“If you want something done, ask a busy person.” This pearl of wisdom describes Edward Valstar to a T. Valstar is a professor at the Department of Orthopaedics of the Leiden University Medical Center. He is also an Antonie van Leeuwenhoek professor at the Department of Biomechanical Engineering at TU Delft and this double appointment makes him one of a select company of Medical Delta professors. On top of that, Valstar is an adjunct professor at Dalhousie University in Halifax, Canada. Yet, he still manages to find time to step on the TEDxDelft podium this month and with great enthusiasm too. “TEDxDelft is a great format to reach a wide audience,” he says. “After all, as academics we tend to talk a lot to each other at conferences and such.”
Indeed, Valstar is a fan of TED. “I’ve always been fascinated by presentations and how people voice their ideas. And at TED conferences you get some real presentation ninjas.” His favourite TED talk is by someone he describes as “high-octane”: bad science debunker Ben Goldacre. “Here’s this bundle of energy on the podium expounding his thoughts on how researchers set up studies and how others interpret the results. It’s fascinating.”
With an MSc in mechanical engineering and a PhD in the imaging of orthopaedic implants, Valstar’s expertise lies in marrying engineering and medicine. “Orthopaedic surgery is the surgical application of carpentry, as it were. That is why I get along so well with orthopaedic surgeons. I’m not sure pharmaceuticals would have been my thing.” Back in the day, his graduation project involved the validation of a muscle and skeletal model of the shoulder. As the years passed, his interest moved to include the hip and the knee and other places where artificial joints can be implanted.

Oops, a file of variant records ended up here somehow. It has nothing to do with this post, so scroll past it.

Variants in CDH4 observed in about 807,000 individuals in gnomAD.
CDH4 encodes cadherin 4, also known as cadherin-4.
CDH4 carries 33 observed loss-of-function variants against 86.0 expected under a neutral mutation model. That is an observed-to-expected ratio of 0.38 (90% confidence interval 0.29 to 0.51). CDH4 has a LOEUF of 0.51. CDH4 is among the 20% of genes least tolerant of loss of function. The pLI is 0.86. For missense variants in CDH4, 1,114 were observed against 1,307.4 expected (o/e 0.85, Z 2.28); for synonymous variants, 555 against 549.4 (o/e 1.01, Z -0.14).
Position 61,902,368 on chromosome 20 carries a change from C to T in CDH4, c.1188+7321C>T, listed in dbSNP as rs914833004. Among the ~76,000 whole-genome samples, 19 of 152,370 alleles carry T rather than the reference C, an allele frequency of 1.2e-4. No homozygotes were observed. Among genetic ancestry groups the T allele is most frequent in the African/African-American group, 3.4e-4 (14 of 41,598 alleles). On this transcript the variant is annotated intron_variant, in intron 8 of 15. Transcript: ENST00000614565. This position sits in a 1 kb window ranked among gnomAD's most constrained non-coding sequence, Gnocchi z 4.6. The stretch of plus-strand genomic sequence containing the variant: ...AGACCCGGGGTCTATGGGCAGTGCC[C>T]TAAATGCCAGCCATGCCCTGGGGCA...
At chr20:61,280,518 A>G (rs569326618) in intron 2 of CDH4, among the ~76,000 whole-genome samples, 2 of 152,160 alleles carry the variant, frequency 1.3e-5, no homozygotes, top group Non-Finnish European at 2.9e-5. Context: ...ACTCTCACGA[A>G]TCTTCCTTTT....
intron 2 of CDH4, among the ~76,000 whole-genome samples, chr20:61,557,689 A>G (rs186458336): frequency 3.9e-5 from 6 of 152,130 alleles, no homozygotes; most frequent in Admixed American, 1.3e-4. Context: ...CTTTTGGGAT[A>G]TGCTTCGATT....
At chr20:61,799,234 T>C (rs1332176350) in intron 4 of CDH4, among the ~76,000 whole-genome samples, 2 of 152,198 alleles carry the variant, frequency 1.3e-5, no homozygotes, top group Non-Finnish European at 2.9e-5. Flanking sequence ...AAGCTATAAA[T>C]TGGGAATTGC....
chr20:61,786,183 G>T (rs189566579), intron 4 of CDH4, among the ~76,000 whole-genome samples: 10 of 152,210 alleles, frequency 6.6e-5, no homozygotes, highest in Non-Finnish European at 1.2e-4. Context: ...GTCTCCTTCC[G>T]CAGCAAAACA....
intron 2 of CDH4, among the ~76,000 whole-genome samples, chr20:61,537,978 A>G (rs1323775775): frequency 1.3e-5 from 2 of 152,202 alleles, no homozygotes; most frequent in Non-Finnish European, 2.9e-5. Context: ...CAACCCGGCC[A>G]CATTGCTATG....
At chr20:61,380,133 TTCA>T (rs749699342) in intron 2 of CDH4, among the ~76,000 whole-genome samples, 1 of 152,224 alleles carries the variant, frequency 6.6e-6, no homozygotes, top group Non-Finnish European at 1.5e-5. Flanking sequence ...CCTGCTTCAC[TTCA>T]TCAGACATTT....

By 2020, the worldwide number of hip replacements is expected to rise to 2.5 million per year. Roughly ten percent of these implants will fail within ten years, based on current performance. Valstar’s ultimate research aim is to make hip replacements last for a lifetime, eliminating the need for revision surgery and its accompanying painful rehabilitation process. “For a long time, I thought that we would achieve that by developing new and better replacement joints,” he says. But current thinking has taken another direction, with Valstar at the forefront.
So what is the future of joint replacement? Find out at the upcoming TEDxDelft event on February 27, 2015.